Quicken to GnuCash: Choosing a Linux Financial Management Application

I finally made the move from Quicken on Windows to GnuCash on Linux. This is a big deal because Quicken was the only Windows application I still used regularly. Quicken is the only reason I keep a Windows PC in my office, in other words. I know there are a ton of fellow Linux users like me who keep Microsoft Windows around solely to use Quicken.  So for those who want to completely cut the cord from Windows I decided to share my transition to GnuCash, covering both the highs and lows, though thus far it’s been all good.

I had originally planned for this initial post to describe how to import Quicken accounts into GnuCash, but then I thought that it would be best to review the Linux Financial Management options out there and tell you why I chose GnuCash.

Before getting started, here’s an excellent comparison of accounting software on Wikipedia. Also, here is an interesting Ubuntu Forums discussion on Quicken substitutes that covers most options.

Personal Finance application choices for Linux Users include:

  1. Grisbi – Available in the Linux Mint Software Manager
  2. HomeBank – Software Manager install
  3. KMyMoney – Software Manager install
  4. MoneyDance – Wine Commercial Application. $49.00
  5. Skrooge – Software Manager install
  6. jGnash – Java application
  7. GnuCash – Software Manager install, though command line preferred

This is not a complete list, I realize, just what I looked at and in most cases actually loaded on my Linux machine.

I didn’t try MoneyDance. It looks good, but when I have a choice between a Wine app or a Linux native app (GnuCash is written in C), I always go with a native application.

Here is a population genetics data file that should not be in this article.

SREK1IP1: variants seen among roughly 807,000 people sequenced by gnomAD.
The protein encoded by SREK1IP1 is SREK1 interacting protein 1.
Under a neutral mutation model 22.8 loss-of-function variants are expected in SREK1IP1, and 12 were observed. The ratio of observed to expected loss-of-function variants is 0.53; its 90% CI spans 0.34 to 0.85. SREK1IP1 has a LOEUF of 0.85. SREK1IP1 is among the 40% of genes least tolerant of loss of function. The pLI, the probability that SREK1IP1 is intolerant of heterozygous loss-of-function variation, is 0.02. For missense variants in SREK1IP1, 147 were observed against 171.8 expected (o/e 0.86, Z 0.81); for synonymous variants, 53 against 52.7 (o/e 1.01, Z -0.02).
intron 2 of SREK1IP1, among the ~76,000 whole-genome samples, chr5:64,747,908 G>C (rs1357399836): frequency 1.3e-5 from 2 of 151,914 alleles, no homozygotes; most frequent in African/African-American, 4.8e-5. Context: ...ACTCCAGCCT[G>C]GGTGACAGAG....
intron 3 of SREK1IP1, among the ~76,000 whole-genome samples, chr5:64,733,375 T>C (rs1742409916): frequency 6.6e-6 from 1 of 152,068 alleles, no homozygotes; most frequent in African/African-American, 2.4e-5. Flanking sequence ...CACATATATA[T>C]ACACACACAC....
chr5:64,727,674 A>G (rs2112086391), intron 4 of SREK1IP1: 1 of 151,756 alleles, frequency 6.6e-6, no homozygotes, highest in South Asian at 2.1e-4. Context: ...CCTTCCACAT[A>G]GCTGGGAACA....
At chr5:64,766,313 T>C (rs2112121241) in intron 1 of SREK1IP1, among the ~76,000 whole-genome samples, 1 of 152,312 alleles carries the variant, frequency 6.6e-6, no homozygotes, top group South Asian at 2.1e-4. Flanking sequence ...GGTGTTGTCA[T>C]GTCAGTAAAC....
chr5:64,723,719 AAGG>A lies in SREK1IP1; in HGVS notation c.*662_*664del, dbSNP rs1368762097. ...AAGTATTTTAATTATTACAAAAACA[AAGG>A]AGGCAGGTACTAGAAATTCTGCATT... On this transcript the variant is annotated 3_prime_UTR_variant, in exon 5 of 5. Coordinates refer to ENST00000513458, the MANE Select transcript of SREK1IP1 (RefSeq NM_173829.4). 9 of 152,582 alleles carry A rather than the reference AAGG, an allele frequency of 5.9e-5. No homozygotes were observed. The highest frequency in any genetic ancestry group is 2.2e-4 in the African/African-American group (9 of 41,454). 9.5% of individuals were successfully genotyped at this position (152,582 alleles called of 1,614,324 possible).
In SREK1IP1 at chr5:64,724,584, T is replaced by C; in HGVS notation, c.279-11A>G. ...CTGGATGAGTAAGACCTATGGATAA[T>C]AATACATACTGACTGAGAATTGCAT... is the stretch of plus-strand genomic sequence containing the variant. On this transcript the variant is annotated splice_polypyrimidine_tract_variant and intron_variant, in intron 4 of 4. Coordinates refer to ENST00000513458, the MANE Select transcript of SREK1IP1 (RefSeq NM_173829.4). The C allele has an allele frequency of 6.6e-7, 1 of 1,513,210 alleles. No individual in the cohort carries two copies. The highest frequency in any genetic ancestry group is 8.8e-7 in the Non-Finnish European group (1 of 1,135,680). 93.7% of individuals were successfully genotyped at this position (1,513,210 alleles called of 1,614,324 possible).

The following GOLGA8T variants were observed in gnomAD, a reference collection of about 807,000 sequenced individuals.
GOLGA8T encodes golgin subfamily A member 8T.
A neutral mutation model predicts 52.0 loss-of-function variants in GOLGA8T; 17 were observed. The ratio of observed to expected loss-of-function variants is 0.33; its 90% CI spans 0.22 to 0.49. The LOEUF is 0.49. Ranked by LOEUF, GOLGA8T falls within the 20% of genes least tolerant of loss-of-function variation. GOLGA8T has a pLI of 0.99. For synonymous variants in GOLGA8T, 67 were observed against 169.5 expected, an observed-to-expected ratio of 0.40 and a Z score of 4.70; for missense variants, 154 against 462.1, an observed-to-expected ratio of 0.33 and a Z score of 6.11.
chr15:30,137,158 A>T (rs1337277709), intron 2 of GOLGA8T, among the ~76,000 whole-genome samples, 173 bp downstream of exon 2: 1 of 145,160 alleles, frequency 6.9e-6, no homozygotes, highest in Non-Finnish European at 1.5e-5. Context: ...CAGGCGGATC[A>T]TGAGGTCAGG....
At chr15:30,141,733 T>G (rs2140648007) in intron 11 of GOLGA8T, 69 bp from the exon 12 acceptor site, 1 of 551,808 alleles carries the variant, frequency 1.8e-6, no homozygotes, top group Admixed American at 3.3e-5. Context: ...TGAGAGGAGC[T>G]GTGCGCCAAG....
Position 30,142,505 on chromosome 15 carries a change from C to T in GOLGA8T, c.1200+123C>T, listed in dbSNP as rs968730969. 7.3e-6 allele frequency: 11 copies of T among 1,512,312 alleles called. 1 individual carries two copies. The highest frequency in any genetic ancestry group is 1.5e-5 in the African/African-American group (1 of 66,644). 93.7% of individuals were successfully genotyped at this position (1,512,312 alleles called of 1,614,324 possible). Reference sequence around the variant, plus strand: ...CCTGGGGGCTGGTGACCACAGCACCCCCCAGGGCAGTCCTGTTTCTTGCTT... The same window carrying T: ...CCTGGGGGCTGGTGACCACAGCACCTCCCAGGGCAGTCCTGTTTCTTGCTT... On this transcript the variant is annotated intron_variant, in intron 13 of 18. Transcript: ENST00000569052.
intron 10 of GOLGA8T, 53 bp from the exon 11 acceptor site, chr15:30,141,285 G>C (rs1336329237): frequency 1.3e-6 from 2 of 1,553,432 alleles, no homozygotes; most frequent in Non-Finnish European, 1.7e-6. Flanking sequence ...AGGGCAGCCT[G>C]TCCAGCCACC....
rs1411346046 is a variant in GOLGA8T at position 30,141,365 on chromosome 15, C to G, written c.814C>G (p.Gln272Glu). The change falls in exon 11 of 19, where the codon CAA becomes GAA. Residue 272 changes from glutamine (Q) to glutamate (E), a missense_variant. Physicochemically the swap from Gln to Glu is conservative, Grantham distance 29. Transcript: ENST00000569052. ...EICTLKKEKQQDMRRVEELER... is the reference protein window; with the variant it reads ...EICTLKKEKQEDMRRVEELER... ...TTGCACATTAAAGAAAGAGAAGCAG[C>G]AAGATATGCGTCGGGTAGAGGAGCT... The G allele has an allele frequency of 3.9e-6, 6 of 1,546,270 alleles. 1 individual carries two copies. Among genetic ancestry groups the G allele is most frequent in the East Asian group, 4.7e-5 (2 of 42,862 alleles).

A lot of people like HomeBank. I found it a bit simplistic and not very Quicken-like. It also had a huge deal breaker in the inability to print reports other than by screen capture.

Applications like KMyMoney and Skrooge are KDE-based so a ton of support libraries are required for Cinnamon Guys like me (at least for KMyMoney. Don’t remember with Skrooge.) I installed both, along with all of the supporting libraries, but didn’t care for the look-n-feel of either. Also, you guessed it, neither were very Quickenny.

jGnash is a Java application which I installed but didn’t spend much time with. Most Java desktop apps have that distinctive, um, butt-ugly look to me, mostly due to font rendering. If there is ever ANY alternative to a Java desktop application I’ll take it. A good looking UI is important. There weren’t any features in it that I found compelling anyway.

GnuCash it is then! GnuCash does everything I want it to do and is the closest to the Quicken experience that I’ve found, particularly in its checkbook ledger display and inline entry support. A strength of GnuCash that even Common Joes like me need in a Personal Finance Manager is the ability to create year-end reports at tax time.  I created several reports and would suggest that my GnuCash reports are superior to those I created in Quicken. I think my Accountant will be very pleased.

Apart from being an excellent replacement for the Quicken experience, GnuCash, unlike several of its competitors, continues to be actively developed. That’s an important issue to me. GnuCash is designed for businesses and CPA Types, so some like to say it’s “heavy.” But hey, if you used Quicken for years, then you won’t find anything heavy about GnuCash. I certainly don’t.

Look for future posts on my Quicken-to-GnuCash experience. Hopefully they will convincingly validate my move to GnuCash and perhaps even inspire others to make the big switch and enjoy the life of All Linux All The Time.